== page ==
And since everything in my engine is texture everything that you can imagine can be considered as a button. From graphics and single alphanumeric characters (this is very useful for the “write your name” menu) to words and entire phrases.

Three types of buttons are fully supported:

  • Buttons that fire a single signal of the touch event even when the button is kept pressed

  • Continuous sending of signals to the core mechanism of the game as long as the button is kept pressed

  • One signle signal only if the button is released after it has been pressed.

We do need a procedure for this because the operating system (iOS or Dalvik) triggers one single event when we click on the screen, no matter if we keep our finger on the screen.

As a first step we have to introduce a new structure (or class, in java) where we are going to store whatever is needed for a clickable object or Option, to speak more general.

public class Option
int x;
int y;
int width;
int height;
int type;
int prevState;

Where x,y are the (x,y) coordinates of the upper left corner of the option in actual screen coordinates, calculated in the initialization procedure of the clickable object that is bound with this option.
‘width’ and’ height’ is the width and the height of the object , again in screen coordinates.

The field ‘type’ stores the information of the type (what else?) of the option according to the three different cases as I described above. I have defined them as follow:

final static int OPTION_TYPE_INSTANT = 0;
final static int OPTION_TYPE_CONTINUOUS = 1;
final static int OPTION_TYPE_PRESSED = 2;

The ‘type’ property of the option can be changed on runtime to achieve other effect for the same button in different game situations.
In the field ‘prevState’ is stored the previous state of the clickable object. You don’t have to deal with it since it is calculated automatically from the procedure that I am going to attach here. This state is defined as 0 for previously not pressed and 1 for previously pressed.

final static int PREVIOUSLY_NOT_PRESSED = 0;
final static int PREVIOUSLY_PRESSED = 1;

So,I am ready to reveal how our function will look like

boolean hasTouchedOnOption ( Option option )

The function returns a ‘boolean’ (BOOL for iOS). This means that in the current iteration of the game loop an option is either active or not active.

Do we need anything else? As you can guess we need a ‘touch_x’ and a ‘touch_y’ variable that represent the coordinates of the point where the click has taken place. We need also a ‘pointerStates’ variable that will do exactly what it says.

In my engine there are two states for the pointer. A finger is either on the screen or it is not on the screen.

final static int POINTER_RELEASED = 0;
final static int POINTER_PRESSED = 1;

int pointerStates = POINTER_RELEASED;

I chose to declare all these three variables as global variables. They are initialized in the function that catches the touch events directly from the underlying hardware.

iPhone: touchesBegan, touchesMoved, touchesEnded
Android: public boolean onTouchEvent

I am pasting here my implementation for Android

public boolean onTouchEvent(MotionEvent event)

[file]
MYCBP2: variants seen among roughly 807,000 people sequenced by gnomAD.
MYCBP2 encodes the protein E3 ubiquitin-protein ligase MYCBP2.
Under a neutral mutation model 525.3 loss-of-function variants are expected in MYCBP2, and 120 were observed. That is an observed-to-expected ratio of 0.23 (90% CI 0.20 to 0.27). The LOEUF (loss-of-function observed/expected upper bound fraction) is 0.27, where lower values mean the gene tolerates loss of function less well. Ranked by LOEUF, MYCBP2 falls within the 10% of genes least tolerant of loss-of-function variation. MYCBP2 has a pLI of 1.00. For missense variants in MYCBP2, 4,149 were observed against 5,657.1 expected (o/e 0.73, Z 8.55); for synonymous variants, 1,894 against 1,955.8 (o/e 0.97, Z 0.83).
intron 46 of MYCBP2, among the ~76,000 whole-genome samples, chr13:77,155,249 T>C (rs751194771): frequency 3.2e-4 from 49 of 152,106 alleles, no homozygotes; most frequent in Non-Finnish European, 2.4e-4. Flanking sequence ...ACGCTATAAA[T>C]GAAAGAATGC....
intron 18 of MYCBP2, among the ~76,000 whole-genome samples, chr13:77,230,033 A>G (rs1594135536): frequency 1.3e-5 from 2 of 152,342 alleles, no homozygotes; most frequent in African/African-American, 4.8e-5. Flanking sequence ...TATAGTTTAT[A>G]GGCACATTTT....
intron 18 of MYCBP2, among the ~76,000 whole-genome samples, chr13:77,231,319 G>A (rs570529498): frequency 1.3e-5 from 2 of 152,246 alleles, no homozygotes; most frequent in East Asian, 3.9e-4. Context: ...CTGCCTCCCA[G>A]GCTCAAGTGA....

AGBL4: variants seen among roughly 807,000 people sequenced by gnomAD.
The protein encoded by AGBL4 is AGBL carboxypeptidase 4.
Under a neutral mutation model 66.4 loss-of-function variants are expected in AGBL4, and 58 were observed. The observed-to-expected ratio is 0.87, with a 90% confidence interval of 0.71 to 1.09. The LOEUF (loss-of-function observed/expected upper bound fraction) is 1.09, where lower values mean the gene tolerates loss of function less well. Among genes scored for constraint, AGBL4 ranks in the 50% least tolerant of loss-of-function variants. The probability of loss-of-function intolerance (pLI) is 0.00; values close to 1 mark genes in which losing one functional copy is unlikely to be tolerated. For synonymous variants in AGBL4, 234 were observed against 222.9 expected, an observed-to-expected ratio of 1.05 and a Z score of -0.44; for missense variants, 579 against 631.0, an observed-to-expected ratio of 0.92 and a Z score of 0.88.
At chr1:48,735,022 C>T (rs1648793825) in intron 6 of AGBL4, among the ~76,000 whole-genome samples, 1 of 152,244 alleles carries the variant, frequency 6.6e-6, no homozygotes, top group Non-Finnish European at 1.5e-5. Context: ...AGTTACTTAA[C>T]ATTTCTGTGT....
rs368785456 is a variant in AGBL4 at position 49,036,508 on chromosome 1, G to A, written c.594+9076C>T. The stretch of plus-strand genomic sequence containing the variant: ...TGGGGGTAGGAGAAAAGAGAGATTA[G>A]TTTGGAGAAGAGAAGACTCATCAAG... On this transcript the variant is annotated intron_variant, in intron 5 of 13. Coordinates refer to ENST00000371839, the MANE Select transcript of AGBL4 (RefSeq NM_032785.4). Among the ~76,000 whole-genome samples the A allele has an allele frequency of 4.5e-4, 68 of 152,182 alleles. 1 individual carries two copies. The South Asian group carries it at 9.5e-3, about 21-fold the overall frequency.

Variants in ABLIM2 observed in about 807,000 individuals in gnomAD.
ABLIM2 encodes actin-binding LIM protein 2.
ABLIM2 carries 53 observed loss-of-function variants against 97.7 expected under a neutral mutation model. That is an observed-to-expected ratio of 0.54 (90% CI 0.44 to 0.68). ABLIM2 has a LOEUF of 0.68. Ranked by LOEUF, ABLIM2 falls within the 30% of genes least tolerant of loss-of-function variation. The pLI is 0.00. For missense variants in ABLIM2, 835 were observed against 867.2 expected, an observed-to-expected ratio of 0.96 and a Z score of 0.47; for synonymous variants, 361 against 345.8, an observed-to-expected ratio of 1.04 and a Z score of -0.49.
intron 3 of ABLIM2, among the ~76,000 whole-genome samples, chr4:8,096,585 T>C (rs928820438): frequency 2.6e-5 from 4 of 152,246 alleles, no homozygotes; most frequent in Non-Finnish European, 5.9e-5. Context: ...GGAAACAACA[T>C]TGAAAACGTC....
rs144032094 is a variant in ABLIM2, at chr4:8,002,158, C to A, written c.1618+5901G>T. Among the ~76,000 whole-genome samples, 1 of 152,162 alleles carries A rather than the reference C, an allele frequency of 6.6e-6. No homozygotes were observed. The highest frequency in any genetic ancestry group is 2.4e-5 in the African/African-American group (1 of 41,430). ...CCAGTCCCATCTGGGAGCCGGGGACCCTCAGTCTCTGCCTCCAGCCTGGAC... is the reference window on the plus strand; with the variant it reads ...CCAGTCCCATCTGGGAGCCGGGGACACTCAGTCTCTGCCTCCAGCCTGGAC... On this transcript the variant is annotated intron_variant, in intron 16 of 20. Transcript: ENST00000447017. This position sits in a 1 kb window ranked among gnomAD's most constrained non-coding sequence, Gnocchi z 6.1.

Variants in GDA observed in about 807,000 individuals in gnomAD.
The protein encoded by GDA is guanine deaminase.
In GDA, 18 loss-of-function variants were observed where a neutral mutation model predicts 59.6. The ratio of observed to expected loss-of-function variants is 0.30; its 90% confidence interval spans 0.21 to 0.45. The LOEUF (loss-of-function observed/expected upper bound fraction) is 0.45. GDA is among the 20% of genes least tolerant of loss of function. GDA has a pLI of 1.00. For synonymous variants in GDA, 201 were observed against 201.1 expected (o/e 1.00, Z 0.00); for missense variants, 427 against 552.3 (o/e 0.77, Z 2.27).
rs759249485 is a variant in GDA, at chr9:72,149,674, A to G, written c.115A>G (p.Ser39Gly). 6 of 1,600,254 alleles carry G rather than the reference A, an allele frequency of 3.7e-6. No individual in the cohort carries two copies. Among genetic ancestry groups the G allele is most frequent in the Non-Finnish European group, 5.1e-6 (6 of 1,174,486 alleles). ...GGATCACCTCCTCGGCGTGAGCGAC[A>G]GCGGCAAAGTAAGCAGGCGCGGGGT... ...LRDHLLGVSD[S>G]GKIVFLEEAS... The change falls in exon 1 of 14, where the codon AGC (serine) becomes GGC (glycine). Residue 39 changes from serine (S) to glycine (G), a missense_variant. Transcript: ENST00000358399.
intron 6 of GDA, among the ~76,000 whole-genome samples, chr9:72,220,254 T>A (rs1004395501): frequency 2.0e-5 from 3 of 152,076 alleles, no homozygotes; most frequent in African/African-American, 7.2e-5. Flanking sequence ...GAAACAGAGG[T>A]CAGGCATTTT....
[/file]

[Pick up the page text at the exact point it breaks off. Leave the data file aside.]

int action = event.getAction();
if ( action == MotionEvent.ACTION_OUTSIDE ||
action == MotionEvent.ACTION_UP )
touch_x = -1;
touch_y = -1;
pointerStates = POINTER_RELEASED;
else if ( action == MotionEvent.ACTION_DOWN ||
action == MotionEvent.ACTION_MOVE )
touch_x = (int) event.getX();
touch_y = (int) event.getY();
pointerStates = POINTER_PRESSED;
return super.onTouchEvent(event);

Now it is time to open the curtain and reveal the body of the hasTouchedOnOption function

protected static boolean hasTouchedOnOption ( Option option )
if (pointerStates == POINTER_RELEASED )
if ( option.type == OPTION_TYPE_PRESSED )
if ( option.prevState == PREVIOUSLY_PRESSED)
option.prevState = PREVIOUSLY_NOT_PRESSED;
return true;
option.prevState = PREVIOUSLY_NOT_PRESSED;
return false;

if ( option.type == OPTION_TYPE_INSTANT )
if ( option.prevState == PREVIOUSLY_PRESSED )
return false;

if ( touch_x > option.x + option.width )
option.prevState = PREVIOUSLY_NOT_PRESSED;
return false;

if ( touch_x < option.x )
option.prevState = PREVIOUSLY_NOT_PRESSED;
return false;

// [ OPTION]
// [TOUCH]
if ( touch_y > option.y + option.height )
option.prevState = PREVIOUSLY_NOT_PRESSED;
return false;

// [TOUCH]
if ( touch_y < option.y )
option.prevState = PREVIOUSLY_NOT_PRESSED;
return false;

option.prevState = PREVIOUSLY_PRESSED;
if ( option.type != OPTION_TYPE_PRESSED )
return true;

return false;

I think there is not a lot of stuff that needs detailed explanation. [OPTION] and [TOUCH] is the relative position of the touch and the option. The function is extremely quick and it needs from 2 to 10(in the worst case) operations to return a result.

But where is the best place to call this function?

It depends on the nature of your application. Either directly inside the functions that transfer the touches from the OS(see above) or inside the main game loop.

Friday, July 15, 2011

Predefined FPS (Frames Per Second) value for your game loop

In the last decades tons of inks have been spent in articles about how to achieve a constant value for FPS in a game loop.

But why add another headache in the game development process? Why to time it? Why not just leave things run as quick as the CPU can and forget about on-purpose delays and timing?

The main reason is that you have to make sure that the game has the same tempo independent of the power of the CPU and if possible to synchronize the game loop with the refresh rate of the display. Imagine that your hero is at the leftmost bound of the scene and as you hit the right arrow key then he is at the rightmost edge in no time.